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What we’re reading: FDA allows for Covid-19 boosters, Haitian gang sets demands for kidnapped missionaries

Sandra Lindsay, left, a nurse at Long Island Jewish Medical Center, is inoculated with the Pfizer-BioNTech COVID-19 vaccine by Dr. Michelle Chester, Monday, Dec. 14, 2020, in the Queens borough of New York. (AP Photo/Mark Lennihan, Pool)

FDA expected to allow use of different vaccine types for Covid-19 boosters

Two sources have confirmed that the Food and Drug Administration is expected to allow the use of different vaccine types for boosters then what was used for the initial doses, according to NBC News.

This is occasionally referred to as “mix and match,” and has been found to be effective, as well as safe, by a National Institutes of Health study.

The sources stated that an announcement could be expected as early as Wednesday.

Last week, an FDA advisory panel voted to authorize recommendation of emergency use of Johnson & Johnson and Moderna booster shots.

People who initially received Johnson & Johnson and received booster shots by Moderna or Pfizer had stronger antibody levels than those who received Johnson & Johnson boosters, according to the NIH study.

Haiti gang demands $17M in return for kidnapped missionaries

Christian Aid Ministries in Berlin, Ohio is seen here on Sunday, Oct. 17, 2021. A group of 17 missionaries including children has been kidnapped by a gang in Haiti, according to a voice message sent to various religious missions by an organization with direct knowledge of the incident. The message from Ohio-based Christian Aid Ministries said the missionaries were on their way home from building an orphanage. (AP Photo/Tom E. Puskar)

The Haiti gang that kidnapped 17 American and Canadian missionaries has demanded $1 million per person in exchange for their release, according to CNN.

The “400 Mawozo” gang kidnapped 16 Americans and one Canadian on Sunday after they visited an orphanage that weekend.

The abducted group is made up of five men, seven women, and five children. All of these people are associated with an Ohio-based ministry called the Christian Aid Ministries.

According to a statement made by Christian Aid Ministries, the adults’ ages range from 18 to 48, and the children’s ages are eight months old, 3, 6, 13, and 15 years old.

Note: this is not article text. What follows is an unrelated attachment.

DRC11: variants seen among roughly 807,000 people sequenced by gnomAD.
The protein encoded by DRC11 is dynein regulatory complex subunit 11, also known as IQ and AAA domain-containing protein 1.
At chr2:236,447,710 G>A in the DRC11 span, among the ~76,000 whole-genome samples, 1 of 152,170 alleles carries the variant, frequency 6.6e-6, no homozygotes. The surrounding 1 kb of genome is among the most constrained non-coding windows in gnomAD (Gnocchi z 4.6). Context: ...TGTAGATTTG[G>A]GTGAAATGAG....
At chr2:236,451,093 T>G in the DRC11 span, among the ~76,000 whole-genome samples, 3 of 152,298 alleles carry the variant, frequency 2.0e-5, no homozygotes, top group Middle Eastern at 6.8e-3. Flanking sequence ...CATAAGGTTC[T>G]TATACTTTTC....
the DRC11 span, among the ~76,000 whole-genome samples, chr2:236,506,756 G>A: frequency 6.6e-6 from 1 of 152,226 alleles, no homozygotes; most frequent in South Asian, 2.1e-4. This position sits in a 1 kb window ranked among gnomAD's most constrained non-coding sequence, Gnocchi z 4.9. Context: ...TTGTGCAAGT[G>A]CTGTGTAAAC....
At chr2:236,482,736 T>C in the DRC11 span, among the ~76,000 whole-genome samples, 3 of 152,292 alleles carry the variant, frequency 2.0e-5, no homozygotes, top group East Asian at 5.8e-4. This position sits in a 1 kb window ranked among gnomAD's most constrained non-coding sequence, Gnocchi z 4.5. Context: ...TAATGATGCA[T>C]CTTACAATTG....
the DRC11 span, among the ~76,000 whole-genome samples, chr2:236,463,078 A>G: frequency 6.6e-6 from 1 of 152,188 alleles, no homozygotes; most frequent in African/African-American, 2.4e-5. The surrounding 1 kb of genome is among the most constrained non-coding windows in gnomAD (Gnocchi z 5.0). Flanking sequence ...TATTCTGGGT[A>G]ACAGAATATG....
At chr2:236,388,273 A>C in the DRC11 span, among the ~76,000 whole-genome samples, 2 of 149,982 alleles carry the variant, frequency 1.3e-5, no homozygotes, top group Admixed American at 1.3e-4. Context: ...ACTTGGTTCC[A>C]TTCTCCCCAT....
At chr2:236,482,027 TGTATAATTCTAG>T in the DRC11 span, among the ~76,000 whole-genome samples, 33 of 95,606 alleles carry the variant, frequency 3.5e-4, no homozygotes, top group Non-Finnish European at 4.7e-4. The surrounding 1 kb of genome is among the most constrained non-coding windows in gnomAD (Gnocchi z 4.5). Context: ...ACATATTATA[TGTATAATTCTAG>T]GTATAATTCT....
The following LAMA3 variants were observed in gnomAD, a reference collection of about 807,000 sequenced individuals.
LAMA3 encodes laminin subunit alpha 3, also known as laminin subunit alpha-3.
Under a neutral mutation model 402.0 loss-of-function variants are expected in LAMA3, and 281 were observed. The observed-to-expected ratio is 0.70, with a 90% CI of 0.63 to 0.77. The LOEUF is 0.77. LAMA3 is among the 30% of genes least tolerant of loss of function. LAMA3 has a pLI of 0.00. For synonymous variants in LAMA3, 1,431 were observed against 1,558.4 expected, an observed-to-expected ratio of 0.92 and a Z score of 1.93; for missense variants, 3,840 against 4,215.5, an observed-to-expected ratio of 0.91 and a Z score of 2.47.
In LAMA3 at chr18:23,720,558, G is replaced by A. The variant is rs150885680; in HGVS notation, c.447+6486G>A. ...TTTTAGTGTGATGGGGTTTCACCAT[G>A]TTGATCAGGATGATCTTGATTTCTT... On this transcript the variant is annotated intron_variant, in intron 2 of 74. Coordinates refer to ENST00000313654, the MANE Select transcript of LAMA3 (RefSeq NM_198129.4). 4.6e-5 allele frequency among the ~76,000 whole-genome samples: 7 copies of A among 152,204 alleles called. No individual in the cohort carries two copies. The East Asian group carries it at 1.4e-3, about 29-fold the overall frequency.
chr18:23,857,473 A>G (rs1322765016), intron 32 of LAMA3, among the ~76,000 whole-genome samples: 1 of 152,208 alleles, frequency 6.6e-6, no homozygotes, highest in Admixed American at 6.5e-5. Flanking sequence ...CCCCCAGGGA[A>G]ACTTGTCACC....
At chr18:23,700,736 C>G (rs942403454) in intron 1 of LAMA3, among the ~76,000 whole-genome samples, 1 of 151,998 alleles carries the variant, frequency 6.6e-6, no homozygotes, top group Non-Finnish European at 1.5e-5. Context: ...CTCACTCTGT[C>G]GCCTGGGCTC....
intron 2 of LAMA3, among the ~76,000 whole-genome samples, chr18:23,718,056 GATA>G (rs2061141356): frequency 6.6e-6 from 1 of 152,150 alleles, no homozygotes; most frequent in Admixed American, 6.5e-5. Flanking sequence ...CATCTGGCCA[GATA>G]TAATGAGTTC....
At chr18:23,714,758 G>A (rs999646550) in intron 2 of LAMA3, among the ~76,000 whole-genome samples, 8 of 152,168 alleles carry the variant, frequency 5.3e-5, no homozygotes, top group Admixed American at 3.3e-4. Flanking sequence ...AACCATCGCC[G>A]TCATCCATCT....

An FBI spokesperson informed CNN that, “The FBI is part of a coordinated US government effort to get the Americans involved to safety. Due to operational considerations, no further information is available at this time.”

The Haitian Justice Minister, Liszt Quitel, told CNN that the kidnappers have been warned about harming the hostages, but they were not persuaded to back down on their demands. Quitel said, “The gang has locations where they usually keep their hostages so that they can feel the hostages are safe.”

A person who works in the Haiti security force has stated that, for the moment, all hostages are safe.

More than 20 people safely escape plane crash outside Houston

A plane departing from Houston Executive Airport crashed into a fence before taking off Tuesday morning around 10 a.m. and erupted into flames.

All passengers and crew escaped the plane safely, with only two minor injuries occurring, before firefighters extinguished the fire.

Waller County Judge, Trey Duhon, stated that one person reported back pain and another reported respiratory issues.

Duhon also stated that, according to the information he has, “The plane did not attain altitude at the end of the runway and went across Morton Road, coming to a rest in the field just north of the airport, where it caught on fire.”

The flight was departing Houston and headed to Boston for the Houston Astros and Boston Red Sox game.

According to the Texas Comptroller of Public Relations, the plane is registered to James Alan Kent. The FAA and the National Transportation Safety Board (NTSB) will be investigating the crash, according to CNN.

Miami private school requires all students who receive Covid-19 vaccinations to stay home for 30 days.

A security guard walks the perimeter of the Centner Academy, Tuesday, April 27, 2021, in Miami. The private school founded by an anti-vaccination activist in South Florida has warned teachers and staff against taking the COVID-19 vaccine. The Centner Academy sent parents a letter Monday informing them of a new policy against employing anyone who has had the shots. (AP Photo/Marta Lavandier)

Centner Academy has recently informed parents that all students who receive a Covid-19 vaccine will not be allowed at school for 30 days prior to receiving it, according to NBC News.

The private school previously stated that vaccinated teachers would have to avoid students back in April.

“Because of the potential impact on other students and our school community, vaccinated students will need to stay at home for 30 days post-vaccination for each dose and booster they receive, and may return to school after 30 days as long as the student is healthy and symptom-free,” the school said, according to WSVN, who first reported on the announcement.

The school urged parents to wait until the summer to have their children vaccinated in order to decrease the chances of transmission to others.

The CDC has repeated that the Covid-19 vaccines are safe and effective, stating, “COVID-19 vaccines were evaluated in tens of thousands of participants in clinical trials,” the agency said on its website. “These vaccines have undergone and will continue to undergo the most intensive safety monitoring in U.S. history,” they added.

A co-founder of the school, David Centner, stated that the policy was instituted after the Parents Advisory Board thought it was worth implementing after hours of deliberation.

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